On June 5, Florida Governor Jeb Bush (R) signed his A++ Plan for Education, a new law that will increase the rigor and relevance of Florida’s middle and high schools to better prepare students for postsecondary education and life after high school. In addition to required course work in middle school and high school, the new law also requires students to complete a personalized “academic and career plan” while in middle school and to select a “major area of interest” in which they will study in high school.
“This bold measure will help prepare middle and high school students for the challenges ahead of them,” Bush said. “Our students will now take charge and plan for their future, realizing the decisions they make today shape their tomorrow. I commend the Florida Legislature for making these cutting-edge reforms a reality for the future generations of Florida students.”
Under the new law, middle school students must complete 12 core academic courses (3 each in English, math, science, and social studies), as well as 1 course in career and education planning, in order to be promoted to high school. Students must also complete a personalized “academic and career plan” during seventh or eighth grade. The legislation also requires every middle school to offer at least one high school-level math class for which students can gain credit toward earning their diplomas.
At the high school level, the legislation will require ninth-grade students to earn 16 core academic credits and 8 elective credits in order to receive their diplomas. Beginning in the 2007–08 school year, students will have to earn 4 credits each in English and math, 3 each in social studies and science, 1 credit in fine arts, and 1 credit in physical education and health.
The legislation will continue Florida’s strong commitment to the teaching of reading in the higher grades. It will require middle and high school students who score at the lowest level (Level 1 on the Florida Comprehensive Assessment Test) to enroll in an intensive reading course. Students who score at Level 2 must take an intensive reading course or another course that provides reading instruction. The legislation will also make funding for reading a permanent part of the Florida Education Finance Program, which will ensure that school districts have adequate funding to serve the reading needs of their students.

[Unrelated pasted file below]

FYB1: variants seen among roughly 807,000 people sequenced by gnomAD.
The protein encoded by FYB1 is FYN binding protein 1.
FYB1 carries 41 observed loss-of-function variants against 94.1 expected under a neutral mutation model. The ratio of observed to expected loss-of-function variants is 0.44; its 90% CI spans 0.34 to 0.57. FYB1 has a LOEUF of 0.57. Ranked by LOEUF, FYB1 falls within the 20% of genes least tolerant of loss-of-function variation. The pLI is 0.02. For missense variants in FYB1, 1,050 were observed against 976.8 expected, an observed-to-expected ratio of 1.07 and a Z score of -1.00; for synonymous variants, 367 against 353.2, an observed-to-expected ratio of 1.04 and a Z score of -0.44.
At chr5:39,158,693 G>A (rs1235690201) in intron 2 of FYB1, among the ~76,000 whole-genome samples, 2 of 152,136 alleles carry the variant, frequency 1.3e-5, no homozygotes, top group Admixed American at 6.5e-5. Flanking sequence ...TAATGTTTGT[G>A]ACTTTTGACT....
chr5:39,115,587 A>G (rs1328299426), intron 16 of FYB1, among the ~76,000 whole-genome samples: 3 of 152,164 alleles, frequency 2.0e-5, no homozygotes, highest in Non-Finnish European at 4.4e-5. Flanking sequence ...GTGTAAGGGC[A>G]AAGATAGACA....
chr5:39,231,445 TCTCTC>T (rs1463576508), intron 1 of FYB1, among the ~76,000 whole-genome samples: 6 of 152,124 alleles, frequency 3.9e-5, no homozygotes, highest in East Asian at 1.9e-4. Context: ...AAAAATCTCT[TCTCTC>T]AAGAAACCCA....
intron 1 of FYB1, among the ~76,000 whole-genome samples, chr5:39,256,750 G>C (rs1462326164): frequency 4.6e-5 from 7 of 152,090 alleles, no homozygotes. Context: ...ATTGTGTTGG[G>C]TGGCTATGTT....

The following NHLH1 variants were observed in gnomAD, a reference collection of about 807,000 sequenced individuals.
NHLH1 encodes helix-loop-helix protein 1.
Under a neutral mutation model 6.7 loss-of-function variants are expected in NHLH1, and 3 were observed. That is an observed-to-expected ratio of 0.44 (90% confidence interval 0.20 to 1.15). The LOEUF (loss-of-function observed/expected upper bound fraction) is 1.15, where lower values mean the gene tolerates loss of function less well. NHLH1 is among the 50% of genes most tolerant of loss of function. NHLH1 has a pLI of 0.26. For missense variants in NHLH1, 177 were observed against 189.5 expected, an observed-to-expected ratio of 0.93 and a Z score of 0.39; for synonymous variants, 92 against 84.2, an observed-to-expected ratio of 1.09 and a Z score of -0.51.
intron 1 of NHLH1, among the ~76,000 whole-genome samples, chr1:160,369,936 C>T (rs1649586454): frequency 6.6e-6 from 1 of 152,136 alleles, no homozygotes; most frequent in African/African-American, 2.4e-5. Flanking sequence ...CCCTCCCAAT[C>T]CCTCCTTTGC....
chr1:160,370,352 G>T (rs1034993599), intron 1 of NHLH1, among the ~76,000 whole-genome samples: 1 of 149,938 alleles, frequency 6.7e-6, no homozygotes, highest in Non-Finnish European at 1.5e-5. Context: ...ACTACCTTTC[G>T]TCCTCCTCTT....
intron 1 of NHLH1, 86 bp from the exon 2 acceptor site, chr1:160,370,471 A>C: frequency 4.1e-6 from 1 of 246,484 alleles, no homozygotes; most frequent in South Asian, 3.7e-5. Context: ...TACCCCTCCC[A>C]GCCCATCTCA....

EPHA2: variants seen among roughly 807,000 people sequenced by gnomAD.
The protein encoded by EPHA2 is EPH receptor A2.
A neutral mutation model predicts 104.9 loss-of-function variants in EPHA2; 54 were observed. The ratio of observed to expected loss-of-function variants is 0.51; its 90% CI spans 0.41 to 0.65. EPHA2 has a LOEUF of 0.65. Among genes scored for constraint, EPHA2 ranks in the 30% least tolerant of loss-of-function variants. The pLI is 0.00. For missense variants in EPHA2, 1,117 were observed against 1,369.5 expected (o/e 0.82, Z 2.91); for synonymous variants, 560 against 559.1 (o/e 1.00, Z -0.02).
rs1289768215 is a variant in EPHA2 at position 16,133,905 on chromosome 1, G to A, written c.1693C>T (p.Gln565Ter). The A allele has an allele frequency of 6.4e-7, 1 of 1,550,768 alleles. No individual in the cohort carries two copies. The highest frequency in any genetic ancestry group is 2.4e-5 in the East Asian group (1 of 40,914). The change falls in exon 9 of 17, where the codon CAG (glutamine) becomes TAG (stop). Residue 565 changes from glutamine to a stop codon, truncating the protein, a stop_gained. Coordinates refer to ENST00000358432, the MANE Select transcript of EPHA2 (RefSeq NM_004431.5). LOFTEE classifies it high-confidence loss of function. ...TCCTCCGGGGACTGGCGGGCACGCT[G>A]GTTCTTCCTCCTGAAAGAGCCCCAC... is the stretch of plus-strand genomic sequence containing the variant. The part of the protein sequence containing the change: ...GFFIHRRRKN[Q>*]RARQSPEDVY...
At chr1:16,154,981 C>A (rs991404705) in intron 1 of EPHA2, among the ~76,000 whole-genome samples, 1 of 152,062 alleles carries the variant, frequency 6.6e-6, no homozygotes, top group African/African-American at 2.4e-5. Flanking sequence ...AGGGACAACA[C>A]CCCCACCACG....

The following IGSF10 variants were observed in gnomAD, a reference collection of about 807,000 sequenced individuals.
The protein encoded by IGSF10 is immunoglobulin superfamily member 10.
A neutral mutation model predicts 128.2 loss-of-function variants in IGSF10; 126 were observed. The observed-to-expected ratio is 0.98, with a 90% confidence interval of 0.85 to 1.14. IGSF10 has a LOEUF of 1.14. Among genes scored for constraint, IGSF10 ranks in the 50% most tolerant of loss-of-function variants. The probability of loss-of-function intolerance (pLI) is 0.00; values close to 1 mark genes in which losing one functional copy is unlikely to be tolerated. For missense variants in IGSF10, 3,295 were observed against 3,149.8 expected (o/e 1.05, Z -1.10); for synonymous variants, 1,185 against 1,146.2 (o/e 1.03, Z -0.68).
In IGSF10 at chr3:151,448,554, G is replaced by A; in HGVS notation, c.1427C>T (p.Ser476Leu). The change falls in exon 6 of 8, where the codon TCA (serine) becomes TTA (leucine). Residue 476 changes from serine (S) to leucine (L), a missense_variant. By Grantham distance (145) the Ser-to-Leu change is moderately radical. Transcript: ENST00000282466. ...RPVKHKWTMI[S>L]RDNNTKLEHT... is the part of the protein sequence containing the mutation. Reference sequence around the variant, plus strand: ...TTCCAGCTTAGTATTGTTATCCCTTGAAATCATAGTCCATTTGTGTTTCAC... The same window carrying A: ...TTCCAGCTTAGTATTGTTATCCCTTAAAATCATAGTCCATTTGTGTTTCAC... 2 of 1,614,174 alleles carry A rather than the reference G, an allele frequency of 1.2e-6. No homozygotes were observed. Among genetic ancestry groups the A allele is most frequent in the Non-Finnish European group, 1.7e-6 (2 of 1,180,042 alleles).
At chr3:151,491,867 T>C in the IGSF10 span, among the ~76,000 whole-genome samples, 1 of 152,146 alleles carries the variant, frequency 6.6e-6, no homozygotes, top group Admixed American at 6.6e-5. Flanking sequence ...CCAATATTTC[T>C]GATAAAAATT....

The legislation also offers a series of teacher incentives that are designed to fill shortages in certain subject areas, such as math, science, and special education. It also provides additional compensation to teachers who work in low-performing schools.
One of the more controversial provisions in the legislation is its requirement that high school students select a “major area of interest” as part of their personalized education and career plans. Students must earn four credits in their major area of interest, which can be in the arts, advanced academic studies, or career preparation. Students will be able to change their area of interest and can use their remaining four elective credits to choose a second major area of interest, a minor, or other elective classes.
“I just don’t think it’s a good idea,” said Valerie Walker, a rising senior at Godby High School and the incoming student member of the Leon County School Board, in the Tallahassee Democrat. “My reasoning is that high school is a time to learn who you are and to define what you believe. It’s too premature to declare your major this early. There are other issues that need to be on the forefront. High school students have a very high bar to meet without having to decide on a major.”
More information on the legislation can be found in the press release, which is available at http://www.flgov.com/release/7878.